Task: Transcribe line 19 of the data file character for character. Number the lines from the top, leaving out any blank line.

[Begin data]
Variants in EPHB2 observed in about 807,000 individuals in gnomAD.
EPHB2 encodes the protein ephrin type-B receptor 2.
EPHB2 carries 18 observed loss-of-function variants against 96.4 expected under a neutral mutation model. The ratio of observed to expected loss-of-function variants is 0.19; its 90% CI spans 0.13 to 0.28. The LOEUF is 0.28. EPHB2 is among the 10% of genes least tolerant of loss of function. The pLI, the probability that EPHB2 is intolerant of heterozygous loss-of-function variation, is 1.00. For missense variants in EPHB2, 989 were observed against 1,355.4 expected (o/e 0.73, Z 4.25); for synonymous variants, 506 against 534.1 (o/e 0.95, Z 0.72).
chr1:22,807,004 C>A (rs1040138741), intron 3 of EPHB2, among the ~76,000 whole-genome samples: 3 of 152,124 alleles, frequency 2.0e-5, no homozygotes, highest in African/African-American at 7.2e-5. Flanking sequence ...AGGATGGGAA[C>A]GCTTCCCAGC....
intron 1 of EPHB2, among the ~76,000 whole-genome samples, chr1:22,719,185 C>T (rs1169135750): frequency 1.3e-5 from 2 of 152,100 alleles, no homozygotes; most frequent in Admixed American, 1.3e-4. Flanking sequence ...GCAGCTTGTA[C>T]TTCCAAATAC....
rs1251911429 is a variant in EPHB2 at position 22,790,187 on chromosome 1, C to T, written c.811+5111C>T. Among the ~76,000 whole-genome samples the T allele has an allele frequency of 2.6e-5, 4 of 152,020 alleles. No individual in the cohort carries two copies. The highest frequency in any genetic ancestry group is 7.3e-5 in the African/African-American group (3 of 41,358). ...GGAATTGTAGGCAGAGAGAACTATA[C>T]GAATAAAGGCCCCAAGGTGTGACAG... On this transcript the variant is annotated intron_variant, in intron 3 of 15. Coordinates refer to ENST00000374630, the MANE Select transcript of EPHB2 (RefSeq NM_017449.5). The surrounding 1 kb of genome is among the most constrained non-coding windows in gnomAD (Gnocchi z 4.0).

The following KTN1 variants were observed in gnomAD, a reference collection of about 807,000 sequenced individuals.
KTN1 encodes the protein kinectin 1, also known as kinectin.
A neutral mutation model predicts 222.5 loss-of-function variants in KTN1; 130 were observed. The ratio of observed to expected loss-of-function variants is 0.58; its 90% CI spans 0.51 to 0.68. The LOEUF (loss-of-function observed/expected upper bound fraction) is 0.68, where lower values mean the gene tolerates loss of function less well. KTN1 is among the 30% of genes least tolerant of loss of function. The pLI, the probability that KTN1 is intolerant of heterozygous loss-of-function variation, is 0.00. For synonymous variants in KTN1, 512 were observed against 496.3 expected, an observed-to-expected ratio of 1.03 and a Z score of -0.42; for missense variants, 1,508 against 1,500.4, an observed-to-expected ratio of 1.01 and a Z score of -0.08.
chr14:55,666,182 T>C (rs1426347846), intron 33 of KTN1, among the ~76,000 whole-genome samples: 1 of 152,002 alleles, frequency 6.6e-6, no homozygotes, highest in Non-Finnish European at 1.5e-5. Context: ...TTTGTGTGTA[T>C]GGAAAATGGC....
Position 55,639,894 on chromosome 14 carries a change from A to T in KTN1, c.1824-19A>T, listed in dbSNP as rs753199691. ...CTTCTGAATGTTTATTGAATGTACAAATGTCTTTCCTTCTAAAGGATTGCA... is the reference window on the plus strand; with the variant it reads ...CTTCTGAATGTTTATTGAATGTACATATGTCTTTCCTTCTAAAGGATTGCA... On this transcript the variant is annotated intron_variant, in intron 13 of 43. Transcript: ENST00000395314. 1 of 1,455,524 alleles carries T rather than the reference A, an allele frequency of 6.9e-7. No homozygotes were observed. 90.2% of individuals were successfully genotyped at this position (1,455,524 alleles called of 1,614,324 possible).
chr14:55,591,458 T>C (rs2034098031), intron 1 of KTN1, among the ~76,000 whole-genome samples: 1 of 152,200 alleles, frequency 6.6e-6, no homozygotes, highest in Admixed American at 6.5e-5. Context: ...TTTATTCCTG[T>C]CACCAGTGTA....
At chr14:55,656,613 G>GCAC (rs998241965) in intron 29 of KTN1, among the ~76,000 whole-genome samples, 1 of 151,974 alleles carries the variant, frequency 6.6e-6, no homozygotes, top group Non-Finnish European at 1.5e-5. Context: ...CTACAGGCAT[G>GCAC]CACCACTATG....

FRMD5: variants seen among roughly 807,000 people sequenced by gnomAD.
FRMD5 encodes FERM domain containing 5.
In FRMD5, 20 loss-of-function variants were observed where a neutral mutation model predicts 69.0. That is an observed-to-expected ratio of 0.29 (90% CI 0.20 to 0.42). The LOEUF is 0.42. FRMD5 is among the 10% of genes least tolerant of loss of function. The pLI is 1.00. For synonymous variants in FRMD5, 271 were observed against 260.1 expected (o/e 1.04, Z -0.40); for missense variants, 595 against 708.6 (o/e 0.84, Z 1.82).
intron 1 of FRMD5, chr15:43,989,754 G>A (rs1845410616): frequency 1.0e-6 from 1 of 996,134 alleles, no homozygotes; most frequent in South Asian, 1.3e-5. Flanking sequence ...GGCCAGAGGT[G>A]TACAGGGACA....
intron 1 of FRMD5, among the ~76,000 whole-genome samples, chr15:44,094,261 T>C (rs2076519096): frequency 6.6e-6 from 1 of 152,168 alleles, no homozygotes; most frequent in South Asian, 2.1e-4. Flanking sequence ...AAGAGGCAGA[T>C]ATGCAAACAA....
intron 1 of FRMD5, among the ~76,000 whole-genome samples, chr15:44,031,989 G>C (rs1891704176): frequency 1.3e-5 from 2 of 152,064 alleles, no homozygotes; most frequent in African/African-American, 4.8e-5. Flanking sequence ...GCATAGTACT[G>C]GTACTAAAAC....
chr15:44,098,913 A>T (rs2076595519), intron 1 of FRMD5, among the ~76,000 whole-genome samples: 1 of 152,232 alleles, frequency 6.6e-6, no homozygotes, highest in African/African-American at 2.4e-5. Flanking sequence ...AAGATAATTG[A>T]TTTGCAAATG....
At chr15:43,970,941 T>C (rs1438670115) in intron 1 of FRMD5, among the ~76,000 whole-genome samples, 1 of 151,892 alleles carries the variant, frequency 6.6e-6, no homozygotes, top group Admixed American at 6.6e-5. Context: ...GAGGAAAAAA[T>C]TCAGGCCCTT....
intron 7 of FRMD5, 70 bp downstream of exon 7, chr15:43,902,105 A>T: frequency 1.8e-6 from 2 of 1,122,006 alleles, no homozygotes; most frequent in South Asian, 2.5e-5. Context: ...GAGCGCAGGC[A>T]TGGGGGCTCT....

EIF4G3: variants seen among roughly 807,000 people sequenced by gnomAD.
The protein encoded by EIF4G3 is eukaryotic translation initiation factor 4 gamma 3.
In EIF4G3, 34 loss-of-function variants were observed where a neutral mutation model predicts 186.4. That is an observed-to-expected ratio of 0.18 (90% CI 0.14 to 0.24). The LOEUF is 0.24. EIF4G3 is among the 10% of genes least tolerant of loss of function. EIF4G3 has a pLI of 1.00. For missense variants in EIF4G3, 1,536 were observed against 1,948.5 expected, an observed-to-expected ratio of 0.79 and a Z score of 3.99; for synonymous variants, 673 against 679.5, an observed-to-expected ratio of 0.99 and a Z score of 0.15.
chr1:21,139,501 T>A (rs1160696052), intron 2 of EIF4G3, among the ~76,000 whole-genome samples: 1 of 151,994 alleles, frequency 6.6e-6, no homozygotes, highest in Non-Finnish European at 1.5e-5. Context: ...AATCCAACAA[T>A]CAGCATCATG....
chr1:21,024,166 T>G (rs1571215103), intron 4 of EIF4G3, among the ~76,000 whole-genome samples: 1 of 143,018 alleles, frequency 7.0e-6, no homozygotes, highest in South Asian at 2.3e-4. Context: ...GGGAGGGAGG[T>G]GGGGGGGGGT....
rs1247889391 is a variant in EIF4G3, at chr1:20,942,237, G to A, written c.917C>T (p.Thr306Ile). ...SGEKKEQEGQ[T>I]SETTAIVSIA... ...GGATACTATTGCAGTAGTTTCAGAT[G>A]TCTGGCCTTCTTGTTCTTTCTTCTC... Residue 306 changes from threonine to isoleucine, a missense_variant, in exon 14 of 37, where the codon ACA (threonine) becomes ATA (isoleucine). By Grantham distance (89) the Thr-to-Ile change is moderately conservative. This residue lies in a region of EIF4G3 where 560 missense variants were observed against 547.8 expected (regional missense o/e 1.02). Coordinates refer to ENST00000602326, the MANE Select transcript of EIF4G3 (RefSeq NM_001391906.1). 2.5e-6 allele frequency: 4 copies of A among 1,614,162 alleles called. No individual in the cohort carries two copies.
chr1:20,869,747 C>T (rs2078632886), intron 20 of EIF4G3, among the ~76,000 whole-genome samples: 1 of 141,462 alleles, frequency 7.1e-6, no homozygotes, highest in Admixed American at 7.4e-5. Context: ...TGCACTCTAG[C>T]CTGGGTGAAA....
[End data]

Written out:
intron 1 of FRMD5, among the ~76,000 whole-genome samples, chr15:44,031,989 G>C (rs1891704176): frequency 1.3e-5 from 2 of 152,064 alleles, no homozygotes; most frequent in African/African-American, 4.8e-5. Flanking sequence ...GCATAGTACT[G>C]GTACTAAAAC....